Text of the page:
Time to get on with the part I was dreading the most, chopping mortise for the legs in the benchtop. I was dreading this because they were so big, 1”W x 4”L x 2”D to be exact. I roughed out the tenons on my tablesaw with a dado stack so nothing really to see there, then I finished them with my router plane. Next came the chop chop. These were the first mortises I’ve ever tried to cut completely with hand tools. I’ve done several where I drilled out most of the wa...
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Well in part 1 I went over cutting a tenon. Part 2 included how to chop the mortise. This time grab your drills and a few dowels as we pin the mortise and tenon joint together. This is as easy as eating cake, without all the calories. View on YouTube
It’s been a while since my last woodworking project, so I’m easing back into the groove with a new file cabinet. I have a piece of junk tin cabinet in my home office that squeaks every time I open and close it. I did some serving trays in Cherry, and really liked working with it, so my new file cabinet will be Cherry. I found a photo online and liked the style so I sketched it up in Sketchup and AutoCAD. The legs are 1 3/4” x 1 3/4” and the rest of the frame is 1&...
Started the glue-up yesterday, finished it today. Yesterday: I started by checking the fit for all the pieces. First up, the panels. And they don’t fit, which was expected. The groove has round ends while the panel is square: A few ways to fix this, but I picked up the mortise chisel and mallet to square off the ends of the grooves. The panels fit now The panel was a pretty tight fit, but I can address that later. Glued tenons into the first rail And then the rail into...
Back at it today. When I left the house, Spawn was sleeping on “his” chair. I closed the door quietly :-) Before getting back to mortising, I milled up the loose tenons. I wanted to make sure the paired mortises were going to work and I needed the tenons to check. May as well make them all at the same time: Some 3” wide, some 4”. Often, I’ll round over the edges using the edge sander, but in this case I started with long boards the right thickness and w...
I recently made a stone top table with Mortise and Tenon Joinery. I was thinking of making more of these tables, also ~3×3” legs with 1.5” thick aprons would make some pretty sweet work tables out of construction grade pine. Normally I would simply use a router and edge guide to make the mortise, then cut the tenons with a combination of hand tools (to cut shoulders) and bandsaw for the cheeks, then cleaned up with a router plane. However since I want to make multiple tables I figu...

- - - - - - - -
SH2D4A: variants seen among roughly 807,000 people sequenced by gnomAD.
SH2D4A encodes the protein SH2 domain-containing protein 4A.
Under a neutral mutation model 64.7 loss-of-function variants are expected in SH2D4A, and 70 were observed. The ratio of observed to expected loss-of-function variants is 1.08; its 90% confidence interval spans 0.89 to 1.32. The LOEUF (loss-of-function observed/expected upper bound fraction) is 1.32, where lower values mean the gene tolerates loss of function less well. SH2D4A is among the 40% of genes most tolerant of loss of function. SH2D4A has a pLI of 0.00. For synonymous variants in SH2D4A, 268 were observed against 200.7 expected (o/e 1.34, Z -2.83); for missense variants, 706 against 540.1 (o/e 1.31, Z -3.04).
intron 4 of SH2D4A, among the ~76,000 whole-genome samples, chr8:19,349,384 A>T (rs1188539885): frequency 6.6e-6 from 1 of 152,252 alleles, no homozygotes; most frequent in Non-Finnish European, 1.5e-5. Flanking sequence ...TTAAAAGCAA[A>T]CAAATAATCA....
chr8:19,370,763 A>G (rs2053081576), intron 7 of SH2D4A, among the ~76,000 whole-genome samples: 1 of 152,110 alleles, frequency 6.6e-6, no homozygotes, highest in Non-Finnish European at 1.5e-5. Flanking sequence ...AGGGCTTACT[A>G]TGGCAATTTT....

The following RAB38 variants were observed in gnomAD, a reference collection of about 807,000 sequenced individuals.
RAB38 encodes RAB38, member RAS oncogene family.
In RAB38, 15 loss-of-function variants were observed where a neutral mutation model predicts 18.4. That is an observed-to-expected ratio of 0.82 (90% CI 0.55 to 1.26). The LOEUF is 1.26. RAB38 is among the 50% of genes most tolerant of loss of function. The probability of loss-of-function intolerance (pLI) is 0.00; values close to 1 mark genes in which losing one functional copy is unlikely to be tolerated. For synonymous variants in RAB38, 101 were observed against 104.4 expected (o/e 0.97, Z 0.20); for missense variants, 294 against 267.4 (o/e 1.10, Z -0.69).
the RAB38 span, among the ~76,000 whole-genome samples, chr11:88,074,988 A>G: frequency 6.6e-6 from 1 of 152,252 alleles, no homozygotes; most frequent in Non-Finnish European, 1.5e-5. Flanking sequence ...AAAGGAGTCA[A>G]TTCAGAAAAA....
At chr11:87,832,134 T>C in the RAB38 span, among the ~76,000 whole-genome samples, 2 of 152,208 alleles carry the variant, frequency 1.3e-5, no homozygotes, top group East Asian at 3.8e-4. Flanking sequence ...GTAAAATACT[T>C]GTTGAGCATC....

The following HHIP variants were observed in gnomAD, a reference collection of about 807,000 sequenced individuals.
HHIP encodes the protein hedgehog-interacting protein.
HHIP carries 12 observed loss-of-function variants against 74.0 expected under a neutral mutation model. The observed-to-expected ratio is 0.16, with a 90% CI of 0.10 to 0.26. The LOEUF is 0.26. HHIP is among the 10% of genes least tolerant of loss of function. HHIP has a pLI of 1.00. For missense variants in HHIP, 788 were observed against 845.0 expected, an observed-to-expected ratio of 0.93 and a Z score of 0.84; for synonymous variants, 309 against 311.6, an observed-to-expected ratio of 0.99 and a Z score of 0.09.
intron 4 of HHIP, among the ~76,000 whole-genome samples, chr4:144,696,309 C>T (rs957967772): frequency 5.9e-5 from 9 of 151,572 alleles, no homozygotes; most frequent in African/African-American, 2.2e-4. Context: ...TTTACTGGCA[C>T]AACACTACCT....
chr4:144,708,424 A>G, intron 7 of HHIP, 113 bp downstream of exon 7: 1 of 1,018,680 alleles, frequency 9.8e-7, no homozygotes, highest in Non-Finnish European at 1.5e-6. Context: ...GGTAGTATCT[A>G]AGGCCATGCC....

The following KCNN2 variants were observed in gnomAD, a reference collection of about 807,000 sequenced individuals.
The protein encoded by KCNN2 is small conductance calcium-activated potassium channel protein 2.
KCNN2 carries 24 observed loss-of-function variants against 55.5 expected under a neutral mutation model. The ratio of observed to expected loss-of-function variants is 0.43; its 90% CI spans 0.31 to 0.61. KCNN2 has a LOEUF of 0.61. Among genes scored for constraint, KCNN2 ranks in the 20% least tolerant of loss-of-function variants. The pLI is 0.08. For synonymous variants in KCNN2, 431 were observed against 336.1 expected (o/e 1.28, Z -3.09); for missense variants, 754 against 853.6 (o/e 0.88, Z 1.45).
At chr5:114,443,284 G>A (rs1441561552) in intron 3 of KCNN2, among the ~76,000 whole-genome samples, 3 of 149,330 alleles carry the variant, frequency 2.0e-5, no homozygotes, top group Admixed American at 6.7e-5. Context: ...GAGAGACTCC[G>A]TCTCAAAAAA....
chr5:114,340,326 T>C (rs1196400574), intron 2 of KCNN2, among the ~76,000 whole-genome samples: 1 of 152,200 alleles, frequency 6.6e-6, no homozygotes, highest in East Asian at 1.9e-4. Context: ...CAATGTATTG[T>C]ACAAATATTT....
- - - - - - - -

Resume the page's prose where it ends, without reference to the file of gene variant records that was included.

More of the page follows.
I created a nice pine bookcase with dovetailed joints on top, 3 thru tenons, and custom made molding. This was done using handtools (except nail gun). Check out the video and comment. Remember to like and share it to support YouTube woodworkers.
HOW TO MAKE A MORTISE AND TENON JOINT WITH TRADITIONAL HAND TOOLS This video and article will simplify the process of cutting mortise and tenon joints with only a few traditional hand tools. With a little practice, you should be able to make a mortise and tenon joint in under 10 minutes! The video is a quick tutorial, but the below photos and article will clarify how to make a mortise & tenon joint in great detail: ANATOMY OF A MORTISE AND TENON JOINT: WHAT ARE MORTISE...
10 Steps to Getting Started in Traditional Woodworking with Hand Tools #9: |Step 8| Joinery: Learn how to Layout & Cut Joints
People called “Joiners” cut joints in wood, in order to get the wood to fit (and stay) together. There are many, many different joints for many different applications. I’ll keep adding joinery videos below (I’m starting with the more basic joints and will move on to more complex joints), so keep checking back. Before watching the videos, checkout this cool woodworking joint chart! (credit: David Royce). 8.1 Learn How to Cut Dovetail Joints Here’s a very detailed 15 step video t...
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